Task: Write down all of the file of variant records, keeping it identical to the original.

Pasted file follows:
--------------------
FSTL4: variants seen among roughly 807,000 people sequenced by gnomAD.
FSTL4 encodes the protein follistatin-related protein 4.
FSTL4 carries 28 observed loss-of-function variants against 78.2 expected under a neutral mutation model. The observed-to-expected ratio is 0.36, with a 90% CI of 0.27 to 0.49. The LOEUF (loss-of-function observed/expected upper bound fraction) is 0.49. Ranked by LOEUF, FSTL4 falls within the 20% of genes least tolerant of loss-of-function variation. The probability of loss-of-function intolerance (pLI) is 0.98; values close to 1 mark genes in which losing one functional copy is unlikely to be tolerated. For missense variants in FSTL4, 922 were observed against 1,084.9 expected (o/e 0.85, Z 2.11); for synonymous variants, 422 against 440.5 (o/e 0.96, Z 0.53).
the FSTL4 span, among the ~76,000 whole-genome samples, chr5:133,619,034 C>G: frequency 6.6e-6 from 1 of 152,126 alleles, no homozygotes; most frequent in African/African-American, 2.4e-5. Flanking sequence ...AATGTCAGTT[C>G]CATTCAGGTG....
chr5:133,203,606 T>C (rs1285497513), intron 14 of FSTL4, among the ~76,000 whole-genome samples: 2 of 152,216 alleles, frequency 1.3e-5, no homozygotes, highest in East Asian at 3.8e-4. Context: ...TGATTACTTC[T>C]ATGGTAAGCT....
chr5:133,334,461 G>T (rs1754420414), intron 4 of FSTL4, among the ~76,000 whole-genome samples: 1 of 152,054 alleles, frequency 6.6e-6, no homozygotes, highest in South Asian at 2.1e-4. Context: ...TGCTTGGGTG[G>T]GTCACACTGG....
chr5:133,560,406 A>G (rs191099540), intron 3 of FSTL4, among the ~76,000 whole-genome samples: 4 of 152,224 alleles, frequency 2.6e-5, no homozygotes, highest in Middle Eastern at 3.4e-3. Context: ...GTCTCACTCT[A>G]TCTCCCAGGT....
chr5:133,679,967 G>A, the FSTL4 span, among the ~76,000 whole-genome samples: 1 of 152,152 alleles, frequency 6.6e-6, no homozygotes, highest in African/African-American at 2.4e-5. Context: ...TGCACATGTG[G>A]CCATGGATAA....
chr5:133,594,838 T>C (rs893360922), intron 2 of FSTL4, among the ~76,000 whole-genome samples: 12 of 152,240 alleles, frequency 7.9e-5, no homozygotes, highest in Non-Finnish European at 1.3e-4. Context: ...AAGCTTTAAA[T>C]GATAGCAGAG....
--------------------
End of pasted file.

FSTL4: variants seen among roughly 807,000 people sequenced by gnomAD.
FSTL4 encodes the protein follistatin-related protein 4.
FSTL4 carries 28 observed loss-of-function variants against 78.2 expected under a neutral mutation model. The observed-to-expected ratio is 0.36, with a 90% CI of 0.27 to 0.49. The LOEUF (loss-of-function observed/expected upper bound fraction) is 0.49. Ranked by LOEUF, FSTL4 falls within the 20% of genes least tolerant of loss-of-function variation. The probability of loss-of-function intolerance (pLI) is 0.98; values close to 1 mark genes in which losing one functional copy is unlikely to be tolerated. For missense variants in FSTL4, 922 were observed against 1,084.9 expected (o/e 0.85, Z 2.11); for synonymous variants, 422 against 440.5 (o/e 0.96, Z 0.53).
the FSTL4 span, among the ~76,000 whole-genome samples, chr5:133,619,034 C>G: frequency 6.6e-6 from 1 of 152,126 alleles, no homozygotes; most frequent in African/African-American, 2.4e-5. Flanking sequence ...AATGTCAGTT[C>G]CATTCAGGTG....
chr5:133,203,606 T>C (rs1285497513), intron 14 of FSTL4, among the ~76,000 whole-genome samples: 2 of 152,216 alleles, frequency 1.3e-5, no homozygotes, highest in East Asian at 3.8e-4. Context: ...TGATTACTTC[T>C]ATGGTAAGCT....
chr5:133,334,461 G>T (rs1754420414), intron 4 of FSTL4, among the ~76,000 whole-genome samples: 1 of 152,054 alleles, frequency 6.6e-6, no homozygotes, highest in South Asian at 2.1e-4. Context: ...TGCTTGGGTG[G>T]GTCACACTGG....
chr5:133,560,406 A>G (rs191099540), intron 3 of FSTL4, among the ~76,000 whole-genome samples: 4 of 152,224 alleles, frequency 2.6e-5, no homozygotes, highest in Middle Eastern at 3.4e-3. Context: ...GTCTCACTCT[A>G]TCTCCCAGGT....
chr5:133,679,967 G>A, the FSTL4 span, among the ~76,000 whole-genome samples: 1 of 152,152 alleles, frequency 6.6e-6, no homozygotes, highest in African/African-American at 2.4e-5. Context: ...TGCACATGTG[G>A]CCATGGATAA....
chr5:133,594,838 T>C (rs893360922), intron 2 of FSTL4, among the ~76,000 whole-genome samples: 12 of 152,240 alleles, frequency 7.9e-5, no homozygotes, highest in Non-Finnish European at 1.3e-4. Context: ...AAGCTTTAAA[T>C]GATAGCAGAG....